Legislative reforms to “just-in-time” workplace scheduling practices in the U.S. retail and other services industries are back before Congress. The Schedules That Work Act proposes a set of reforms that would give workers in these industries more predictable and stable schedules, targeting in particular the growth in just-in-time scheduling software that links an employee’s hours to the level of customer demand.

Just-in-time scheduling software is designed to manage labor costs, basing the number of employees working on the ebb and flow of customers. At first glance, determining the “optimal” number of staff that should be present at any given time behind a retail counter or in a restaurant makes plenty of business sense, yet some research shows that these scheduling practices may negatively affect employees and employers alike.

First the employees. These scheduling practices wreak havoc on workers, who are typically given their schedule only days, or even mere hours, ahead of time. Some stores give their employees “on-call” shifts, and are only brought in to work if things are busy enough. During slow times, employees can be sent home early without pay. The stress from scheduling fluctuations take a major toll on workers’ mental health, as they are not only uncertain about whether their hours will be sufficient to make ends meet but also unable to get a second job, pursue an education necessary for upward mobility, or even go to the doctor. These schedules also force working families to constantly rearrange last-minute childcare among family and friends and lose pay if they are unable to do so.

Such employee instability may be bad for business, too. Research by the University of Chicago’s Susan Lambert finds that unpredictable schedules can harm employers due to increased employee turnover and lower worker productivity. That means employers must spend resources to hire and train new workers in a vicious cycle that turns off customers and may put downward pressure on profits.

The broader economic ramifications are equally troubling. The Urban Institute’s Maria Enchautegui finds that parents with non-standardized schedules are more stressed and spend less time with their children compared to  standard-schedule workers, with detrimental long-term individual and societal consequences. And in the short term, many employees caught up in “just-in-time” schedules end up working part-time involuntarily, because irregular schedules at one workplace make it impossible to commit to a second job. This loss of potential earnings deprives the economy of disposable income for consumer spending that fuels economic growth.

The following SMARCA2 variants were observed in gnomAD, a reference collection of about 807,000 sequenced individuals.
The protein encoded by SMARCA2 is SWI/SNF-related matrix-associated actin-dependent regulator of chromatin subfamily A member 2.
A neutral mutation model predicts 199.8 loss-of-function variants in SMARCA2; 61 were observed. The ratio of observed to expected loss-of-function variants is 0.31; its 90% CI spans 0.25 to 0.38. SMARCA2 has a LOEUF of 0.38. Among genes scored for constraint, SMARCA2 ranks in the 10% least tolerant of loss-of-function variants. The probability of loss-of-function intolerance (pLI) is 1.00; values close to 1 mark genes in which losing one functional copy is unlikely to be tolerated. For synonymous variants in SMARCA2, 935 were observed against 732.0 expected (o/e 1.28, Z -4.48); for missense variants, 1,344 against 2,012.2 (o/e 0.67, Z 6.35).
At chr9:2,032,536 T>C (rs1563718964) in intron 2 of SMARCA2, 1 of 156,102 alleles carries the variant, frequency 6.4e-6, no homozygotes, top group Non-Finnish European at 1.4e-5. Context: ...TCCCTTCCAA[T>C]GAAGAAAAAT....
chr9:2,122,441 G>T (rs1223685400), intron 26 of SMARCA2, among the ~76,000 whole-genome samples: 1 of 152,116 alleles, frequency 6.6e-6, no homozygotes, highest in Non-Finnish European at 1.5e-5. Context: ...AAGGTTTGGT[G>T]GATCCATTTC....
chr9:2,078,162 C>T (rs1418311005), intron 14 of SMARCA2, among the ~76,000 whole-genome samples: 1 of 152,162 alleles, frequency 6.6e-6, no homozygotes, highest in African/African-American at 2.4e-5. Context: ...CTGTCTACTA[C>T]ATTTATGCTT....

Some companies recognize the harmful effects of just-in-time scheduling on their employees, their customers, and their own bottom lines. Starbucks Corp. altered its policies following an article in The New York Times detailing the impact of its scheduling practices on an employee and her son. Wal-Mart Stores, Inc. introduced a new system that gives employees more control over their schedule. And Gap Inc. is working with University of California-Hasting’s College of the Law professor Joan Williams (who is also an Equitable Growth grantee) to measure how more stable scheduling practices affect both employee productivity and well-being as well as the clothing retailer’s profits at select stores.

If enacted, The Schedules That Work Act would give workers the right to ask and receive a more predictable schedule without being penalized; receive at least four hours pay if they arrive at work only to be sent home; require employers to notify their workers of any scheduling changes at least two weeks in advance; and require employers to provide an extra hour of pay if they make schedule changes less than 24 hours before a shift. The bill also includes an anti-retaliation section to protect workers asking for scheduling changes.  Vermont and San Francisco have already adopted laws that give workers the right to request more flexible schedules.

Much of the conversation surrounding low-wage workers focuses on the wages themselves. But policymakers and companies alike also need to understand the consequences of business practices such as just-in-time scheduling, which may affect not only the well-being of many workers, but also businesses, consumers, and the economy as a whole.